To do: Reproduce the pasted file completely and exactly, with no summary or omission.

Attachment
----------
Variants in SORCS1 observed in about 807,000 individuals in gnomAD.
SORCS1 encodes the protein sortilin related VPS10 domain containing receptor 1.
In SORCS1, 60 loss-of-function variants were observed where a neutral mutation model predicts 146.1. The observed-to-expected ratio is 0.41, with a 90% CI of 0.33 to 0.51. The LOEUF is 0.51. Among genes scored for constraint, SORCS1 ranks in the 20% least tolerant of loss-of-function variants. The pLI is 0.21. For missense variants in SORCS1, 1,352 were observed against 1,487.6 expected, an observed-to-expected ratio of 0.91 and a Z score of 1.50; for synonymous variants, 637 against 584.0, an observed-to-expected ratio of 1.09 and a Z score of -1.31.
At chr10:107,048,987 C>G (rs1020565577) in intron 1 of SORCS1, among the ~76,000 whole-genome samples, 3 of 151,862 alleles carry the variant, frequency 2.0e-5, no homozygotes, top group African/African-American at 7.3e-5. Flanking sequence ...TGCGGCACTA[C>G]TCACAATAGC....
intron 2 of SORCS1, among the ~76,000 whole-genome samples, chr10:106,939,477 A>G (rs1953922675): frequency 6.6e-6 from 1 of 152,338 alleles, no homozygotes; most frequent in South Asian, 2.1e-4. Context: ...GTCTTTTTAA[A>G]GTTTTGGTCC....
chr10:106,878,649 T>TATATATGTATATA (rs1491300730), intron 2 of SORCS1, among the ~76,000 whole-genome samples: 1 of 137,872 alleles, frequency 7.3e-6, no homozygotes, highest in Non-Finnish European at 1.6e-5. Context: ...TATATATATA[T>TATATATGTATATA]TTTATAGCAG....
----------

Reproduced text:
Variants in SORCS1 observed in about 807,000 individuals in gnomAD.
SORCS1 encodes the protein sortilin related VPS10 domain containing receptor 1.
In SORCS1, 60 loss-of-function variants were observed where a neutral mutation model predicts 146.1. The observed-to-expected ratio is 0.41, with a 90% CI of 0.33 to 0.51. The LOEUF is 0.51. Among genes scored for constraint, SORCS1 ranks in the 20% least tolerant of loss-of-function variants. The pLI is 0.21. For missense variants in SORCS1, 1,352 were observed against 1,487.6 expected, an observed-to-expected ratio of 0.91 and a Z score of 1.50; for synonymous variants, 637 against 584.0, an observed-to-expected ratio of 1.09 and a Z score of -1.31.
At chr10:107,048,987 C>G (rs1020565577) in intron 1 of SORCS1, among the ~76,000 whole-genome samples, 3 of 151,862 alleles carry the variant, frequency 2.0e-5, no homozygotes, top group African/African-American at 7.3e-5. Flanking sequence ...TGCGGCACTA[C>G]TCACAATAGC....
intron 2 of SORCS1, among the ~76,000 whole-genome samples, chr10:106,939,477 A>G (rs1953922675): frequency 6.6e-6 from 1 of 152,338 alleles, no homozygotes; most frequent in South Asian, 2.1e-4. Context: ...GTCTTTTTAA[A>G]GTTTTGGTCC....
chr10:106,878,649 T>TATATATGTATATA (rs1491300730), intron 2 of SORCS1, among the ~76,000 whole-genome samples: 1 of 137,872 alleles, frequency 7.3e-6, no homozygotes, highest in Non-Finnish European at 1.6e-5. Context: ...TATATATATA[T>TATATATGTATATA]TTTATAGCAG....